• Return to their home country.
  • Have their child begin the lengthy process of applying for a family reunification immigration request.
  • Clear consular interviews and a U.S. State Department background check. (One or both would very likely provide evidence that said parent, at some point, lived in the United States illegally -- long enough for that "anchor baby" to be conceived or born. And despite widespread belief to the contrary, there is indeed a penalty for that.)

If a person has lived in the United States unlawfully for a period of more than 180 days but less than one year, there is an automatic three-year bar on that person ever reentering the United States -- and that's before any wait time for a visa. So that's a minimum of 21 years for the child to mature, plus the three-year wait.

And, for the vast majority of these parents, a longer wait also applies. If a person has lived in the United States illegally for a year or more, there is a 10-year ban on that person reentering the United States. So, in that case, there would be the 21-year wait for the child to mature to adulthood, plus the 10-year wait.

All told, the parents of the so-called anchor baby face a 24-to-31-year wait to even enter the United States, much less obtain a visa and green card or become a citizen.

Want proof? See Sections 212(a)(9)(i) and 212 (a)(9)(ii) of the Immigration and Nationality Act (INA) -- or spend an afternoon in your nearest, severely backlogged immigration court.

[Immigration Court backlog grows to more than 450,000 cases]

Immigration courts routinely reject claims that an undocumented parent must remain in the United States to care for a U.S. citizen child. The main but rare legal exceptions are for children who are so seriously ill or profoundly disabled that one parent must care for them full-time, or for a child in need of medical care unavailable in their parents' home country.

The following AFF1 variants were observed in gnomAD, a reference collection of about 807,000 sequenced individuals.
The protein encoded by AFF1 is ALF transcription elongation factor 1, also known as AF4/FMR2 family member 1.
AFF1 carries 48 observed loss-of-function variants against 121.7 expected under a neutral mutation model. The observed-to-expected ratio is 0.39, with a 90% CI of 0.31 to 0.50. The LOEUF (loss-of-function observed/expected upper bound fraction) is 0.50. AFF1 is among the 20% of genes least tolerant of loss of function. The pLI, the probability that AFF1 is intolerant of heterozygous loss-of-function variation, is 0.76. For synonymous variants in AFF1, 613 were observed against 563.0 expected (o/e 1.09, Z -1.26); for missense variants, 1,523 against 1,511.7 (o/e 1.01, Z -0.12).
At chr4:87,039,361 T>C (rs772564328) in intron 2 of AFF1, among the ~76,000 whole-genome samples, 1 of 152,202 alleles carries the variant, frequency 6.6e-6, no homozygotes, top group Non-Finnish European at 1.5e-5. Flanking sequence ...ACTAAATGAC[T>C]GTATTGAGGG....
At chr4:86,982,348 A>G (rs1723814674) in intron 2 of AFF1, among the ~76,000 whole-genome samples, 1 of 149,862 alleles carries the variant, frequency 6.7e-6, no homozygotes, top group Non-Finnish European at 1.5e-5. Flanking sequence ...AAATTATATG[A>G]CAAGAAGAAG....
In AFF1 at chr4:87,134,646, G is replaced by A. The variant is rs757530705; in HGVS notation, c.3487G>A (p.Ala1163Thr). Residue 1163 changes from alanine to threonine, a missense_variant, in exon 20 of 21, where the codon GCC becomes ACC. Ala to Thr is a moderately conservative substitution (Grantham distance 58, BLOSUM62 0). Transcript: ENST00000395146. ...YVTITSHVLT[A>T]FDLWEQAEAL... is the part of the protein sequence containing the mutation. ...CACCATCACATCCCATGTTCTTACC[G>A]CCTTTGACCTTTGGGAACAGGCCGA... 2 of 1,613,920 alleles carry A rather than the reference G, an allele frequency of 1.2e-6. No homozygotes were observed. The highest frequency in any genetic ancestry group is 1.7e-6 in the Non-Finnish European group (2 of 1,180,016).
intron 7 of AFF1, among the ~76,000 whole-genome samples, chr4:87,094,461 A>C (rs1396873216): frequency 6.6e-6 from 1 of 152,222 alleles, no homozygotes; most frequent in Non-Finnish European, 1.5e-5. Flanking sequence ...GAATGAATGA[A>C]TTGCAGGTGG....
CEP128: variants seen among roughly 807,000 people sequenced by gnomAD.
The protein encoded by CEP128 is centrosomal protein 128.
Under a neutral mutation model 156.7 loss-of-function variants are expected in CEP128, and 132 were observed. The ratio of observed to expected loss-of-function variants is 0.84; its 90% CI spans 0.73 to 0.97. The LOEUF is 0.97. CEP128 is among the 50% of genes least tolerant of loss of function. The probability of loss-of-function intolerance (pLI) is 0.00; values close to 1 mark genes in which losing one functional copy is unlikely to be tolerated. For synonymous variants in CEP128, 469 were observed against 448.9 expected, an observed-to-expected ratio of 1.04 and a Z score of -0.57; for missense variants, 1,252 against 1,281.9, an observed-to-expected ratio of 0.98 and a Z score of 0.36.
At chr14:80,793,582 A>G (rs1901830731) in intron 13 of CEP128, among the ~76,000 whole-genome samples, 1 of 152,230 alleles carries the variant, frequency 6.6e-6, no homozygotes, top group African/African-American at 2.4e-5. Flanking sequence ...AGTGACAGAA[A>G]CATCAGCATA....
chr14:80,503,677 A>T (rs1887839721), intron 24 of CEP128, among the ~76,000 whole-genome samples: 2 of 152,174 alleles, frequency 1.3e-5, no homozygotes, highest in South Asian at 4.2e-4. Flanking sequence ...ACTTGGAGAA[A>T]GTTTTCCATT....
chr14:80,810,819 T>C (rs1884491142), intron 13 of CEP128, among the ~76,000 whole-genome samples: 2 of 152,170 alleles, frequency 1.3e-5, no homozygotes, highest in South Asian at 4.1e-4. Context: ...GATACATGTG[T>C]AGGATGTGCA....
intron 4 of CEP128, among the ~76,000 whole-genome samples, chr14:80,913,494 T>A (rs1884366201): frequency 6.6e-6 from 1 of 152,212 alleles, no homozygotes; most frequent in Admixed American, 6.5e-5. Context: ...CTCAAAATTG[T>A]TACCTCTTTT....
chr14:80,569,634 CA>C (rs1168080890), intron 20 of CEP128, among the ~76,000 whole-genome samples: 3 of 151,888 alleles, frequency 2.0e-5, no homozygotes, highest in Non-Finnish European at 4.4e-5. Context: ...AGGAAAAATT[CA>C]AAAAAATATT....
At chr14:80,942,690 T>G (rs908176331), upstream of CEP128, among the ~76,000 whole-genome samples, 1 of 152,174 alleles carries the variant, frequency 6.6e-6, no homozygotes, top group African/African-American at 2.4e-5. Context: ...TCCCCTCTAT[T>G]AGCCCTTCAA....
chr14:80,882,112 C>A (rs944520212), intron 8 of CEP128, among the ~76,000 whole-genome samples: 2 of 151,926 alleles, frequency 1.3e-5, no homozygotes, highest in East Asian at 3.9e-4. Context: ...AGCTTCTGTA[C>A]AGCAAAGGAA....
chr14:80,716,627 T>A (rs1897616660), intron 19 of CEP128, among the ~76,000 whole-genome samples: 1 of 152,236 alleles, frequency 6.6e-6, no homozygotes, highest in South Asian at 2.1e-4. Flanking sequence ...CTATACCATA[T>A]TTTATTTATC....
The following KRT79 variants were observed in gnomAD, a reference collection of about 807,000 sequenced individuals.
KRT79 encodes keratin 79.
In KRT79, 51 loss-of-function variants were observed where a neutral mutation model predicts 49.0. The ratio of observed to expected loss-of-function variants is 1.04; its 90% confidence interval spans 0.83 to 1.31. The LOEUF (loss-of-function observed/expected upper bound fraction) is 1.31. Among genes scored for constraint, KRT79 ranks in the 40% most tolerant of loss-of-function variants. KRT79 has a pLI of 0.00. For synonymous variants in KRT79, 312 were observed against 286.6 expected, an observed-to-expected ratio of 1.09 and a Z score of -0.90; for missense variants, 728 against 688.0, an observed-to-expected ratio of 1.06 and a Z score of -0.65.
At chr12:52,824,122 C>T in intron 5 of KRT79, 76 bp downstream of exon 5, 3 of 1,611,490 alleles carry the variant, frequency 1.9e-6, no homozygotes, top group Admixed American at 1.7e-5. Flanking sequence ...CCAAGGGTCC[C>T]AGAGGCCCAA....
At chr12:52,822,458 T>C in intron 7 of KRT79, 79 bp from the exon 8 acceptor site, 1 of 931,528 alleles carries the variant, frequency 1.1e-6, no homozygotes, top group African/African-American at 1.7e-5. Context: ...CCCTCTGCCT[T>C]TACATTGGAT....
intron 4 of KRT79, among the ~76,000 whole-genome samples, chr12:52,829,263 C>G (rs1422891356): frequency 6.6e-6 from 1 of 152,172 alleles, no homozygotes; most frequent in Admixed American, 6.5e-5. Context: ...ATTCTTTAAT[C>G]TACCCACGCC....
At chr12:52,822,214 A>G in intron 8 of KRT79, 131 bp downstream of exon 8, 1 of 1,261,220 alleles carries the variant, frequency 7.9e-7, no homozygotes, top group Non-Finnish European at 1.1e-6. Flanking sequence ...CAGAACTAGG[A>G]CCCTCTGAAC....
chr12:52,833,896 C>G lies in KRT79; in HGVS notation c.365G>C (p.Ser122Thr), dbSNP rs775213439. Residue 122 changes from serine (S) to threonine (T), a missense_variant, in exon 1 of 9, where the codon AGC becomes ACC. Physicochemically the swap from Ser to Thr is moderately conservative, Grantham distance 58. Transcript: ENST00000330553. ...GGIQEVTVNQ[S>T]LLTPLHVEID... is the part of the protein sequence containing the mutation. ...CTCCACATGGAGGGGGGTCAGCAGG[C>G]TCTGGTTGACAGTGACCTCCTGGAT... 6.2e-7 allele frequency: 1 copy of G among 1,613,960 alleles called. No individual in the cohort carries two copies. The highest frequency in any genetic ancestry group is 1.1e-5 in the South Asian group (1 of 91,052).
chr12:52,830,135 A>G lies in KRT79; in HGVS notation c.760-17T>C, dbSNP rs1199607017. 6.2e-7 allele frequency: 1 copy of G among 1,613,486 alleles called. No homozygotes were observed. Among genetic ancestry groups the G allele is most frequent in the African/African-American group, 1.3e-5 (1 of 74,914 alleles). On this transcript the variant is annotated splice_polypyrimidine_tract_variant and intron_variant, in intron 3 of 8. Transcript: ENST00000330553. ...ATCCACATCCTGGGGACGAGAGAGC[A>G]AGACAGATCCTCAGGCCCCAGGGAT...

These parents are given something called "humanitarian parole," Chen explained. And this is very rarely applied to people already living in the United States illegally. It is more often given to the parents of, say, an Afghan war burn victim who want to accompany their child to the United States for medical care. And, even then, humanitarian parole is generally granted for limited period of time.

Alternatively, these parents can apply for something even more rare: an extreme hardship exception, according to Deborah Anker, a clinical professor of law and director of the Harvard University Law School’s immigration and refugee clinical program. Very rarely they can apply for a waiver that may allow them to reenter the United States sooner, Anker said. But if that request is denied, there is no form of appeal available. Decisions are final.